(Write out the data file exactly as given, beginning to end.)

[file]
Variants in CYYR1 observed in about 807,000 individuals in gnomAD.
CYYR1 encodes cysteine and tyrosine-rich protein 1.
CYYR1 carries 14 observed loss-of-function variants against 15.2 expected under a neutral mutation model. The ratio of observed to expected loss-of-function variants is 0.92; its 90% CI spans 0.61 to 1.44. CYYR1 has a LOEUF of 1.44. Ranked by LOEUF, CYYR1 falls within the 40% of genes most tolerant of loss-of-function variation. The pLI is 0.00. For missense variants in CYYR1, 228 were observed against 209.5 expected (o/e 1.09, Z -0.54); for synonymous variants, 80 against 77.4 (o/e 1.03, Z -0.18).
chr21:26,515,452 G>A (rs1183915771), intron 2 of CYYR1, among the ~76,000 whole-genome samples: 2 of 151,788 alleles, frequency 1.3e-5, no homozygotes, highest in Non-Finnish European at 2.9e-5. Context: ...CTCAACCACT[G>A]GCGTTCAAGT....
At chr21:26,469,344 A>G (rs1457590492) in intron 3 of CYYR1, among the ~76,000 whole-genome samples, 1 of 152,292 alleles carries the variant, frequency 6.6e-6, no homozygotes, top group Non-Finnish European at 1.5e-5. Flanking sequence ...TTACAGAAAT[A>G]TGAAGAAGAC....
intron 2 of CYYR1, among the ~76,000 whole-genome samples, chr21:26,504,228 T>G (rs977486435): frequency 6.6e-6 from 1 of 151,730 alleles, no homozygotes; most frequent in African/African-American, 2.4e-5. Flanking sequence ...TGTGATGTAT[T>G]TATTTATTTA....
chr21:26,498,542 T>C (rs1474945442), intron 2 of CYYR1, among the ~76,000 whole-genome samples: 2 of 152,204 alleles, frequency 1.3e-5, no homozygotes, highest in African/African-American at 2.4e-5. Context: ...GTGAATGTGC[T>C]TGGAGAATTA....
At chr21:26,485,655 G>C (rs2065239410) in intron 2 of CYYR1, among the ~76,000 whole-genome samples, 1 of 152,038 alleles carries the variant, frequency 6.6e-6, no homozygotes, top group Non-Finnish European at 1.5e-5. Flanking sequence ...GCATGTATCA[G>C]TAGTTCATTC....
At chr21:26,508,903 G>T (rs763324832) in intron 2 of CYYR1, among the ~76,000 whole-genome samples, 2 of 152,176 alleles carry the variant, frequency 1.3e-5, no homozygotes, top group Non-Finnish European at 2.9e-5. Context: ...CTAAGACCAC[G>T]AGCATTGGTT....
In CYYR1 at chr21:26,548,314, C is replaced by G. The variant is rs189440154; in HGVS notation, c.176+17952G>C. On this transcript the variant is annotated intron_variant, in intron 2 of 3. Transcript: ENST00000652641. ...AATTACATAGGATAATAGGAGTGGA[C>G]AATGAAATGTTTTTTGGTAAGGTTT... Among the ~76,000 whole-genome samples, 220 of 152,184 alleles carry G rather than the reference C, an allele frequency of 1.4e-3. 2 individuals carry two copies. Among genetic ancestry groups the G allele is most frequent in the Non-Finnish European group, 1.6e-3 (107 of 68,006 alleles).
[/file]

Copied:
Variants in CYYR1 observed in about 807,000 individuals in gnomAD.
CYYR1 encodes cysteine and tyrosine-rich protein 1.
CYYR1 carries 14 observed loss-of-function variants against 15.2 expected under a neutral mutation model. The ratio of observed to expected loss-of-function variants is 0.92; its 90% CI spans 0.61 to 1.44. CYYR1 has a LOEUF of 1.44. Ranked by LOEUF, CYYR1 falls within the 40% of genes most tolerant of loss-of-function variation. The pLI is 0.00. For missense variants in CYYR1, 228 were observed against 209.5 expected (o/e 1.09, Z -0.54); for synonymous variants, 80 against 77.4 (o/e 1.03, Z -0.18).
chr21:26,515,452 G>A (rs1183915771), intron 2 of CYYR1, among the ~76,000 whole-genome samples: 2 of 151,788 alleles, frequency 1.3e-5, no homozygotes, highest in Non-Finnish European at 2.9e-5. Context: ...CTCAACCACT[G>A]GCGTTCAAGT....
At chr21:26,469,344 A>G (rs1457590492) in intron 3 of CYYR1, among the ~76,000 whole-genome samples, 1 of 152,292 alleles carries the variant, frequency 6.6e-6, no homozygotes, top group Non-Finnish European at 1.5e-5. Flanking sequence ...TTACAGAAAT[A>G]TGAAGAAGAC....
intron 2 of CYYR1, among the ~76,000 whole-genome samples, chr21:26,504,228 T>G (rs977486435): frequency 6.6e-6 from 1 of 151,730 alleles, no homozygotes; most frequent in African/African-American, 2.4e-5. Flanking sequence ...TGTGATGTAT[T>G]TATTTATTTA....
chr21:26,498,542 T>C (rs1474945442), intron 2 of CYYR1, among the ~76,000 whole-genome samples: 2 of 152,204 alleles, frequency 1.3e-5, no homozygotes, highest in African/African-American at 2.4e-5. Context: ...GTGAATGTGC[T>C]TGGAGAATTA....
At chr21:26,485,655 G>C (rs2065239410) in intron 2 of CYYR1, among the ~76,000 whole-genome samples, 1 of 152,038 alleles carries the variant, frequency 6.6e-6, no homozygotes, top group Non-Finnish European at 1.5e-5. Flanking sequence ...GCATGTATCA[G>C]TAGTTCATTC....
At chr21:26,508,903 G>T (rs763324832) in intron 2 of CYYR1, among the ~76,000 whole-genome samples, 2 of 152,176 alleles carry the variant, frequency 1.3e-5, no homozygotes, top group Non-Finnish European at 2.9e-5. Context: ...CTAAGACCAC[G>T]AGCATTGGTT....
In CYYR1 at chr21:26,548,314, C is replaced by G. The variant is rs189440154; in HGVS notation, c.176+17952G>C. On this transcript the variant is annotated intron_variant, in intron 2 of 3. Transcript: ENST00000652641. ...AATTACATAGGATAATAGGAGTGGA[C>G]AATGAAATGTTTTTTGGTAAGGTTT... Among the ~76,000 whole-genome samples, 220 of 152,184 alleles carry G rather than the reference C, an allele frequency of 1.4e-3. 2 individuals carry two copies. Among genetic ancestry groups the G allele is most frequent in the Non-Finnish European group, 1.6e-3 (107 of 68,006 alleles).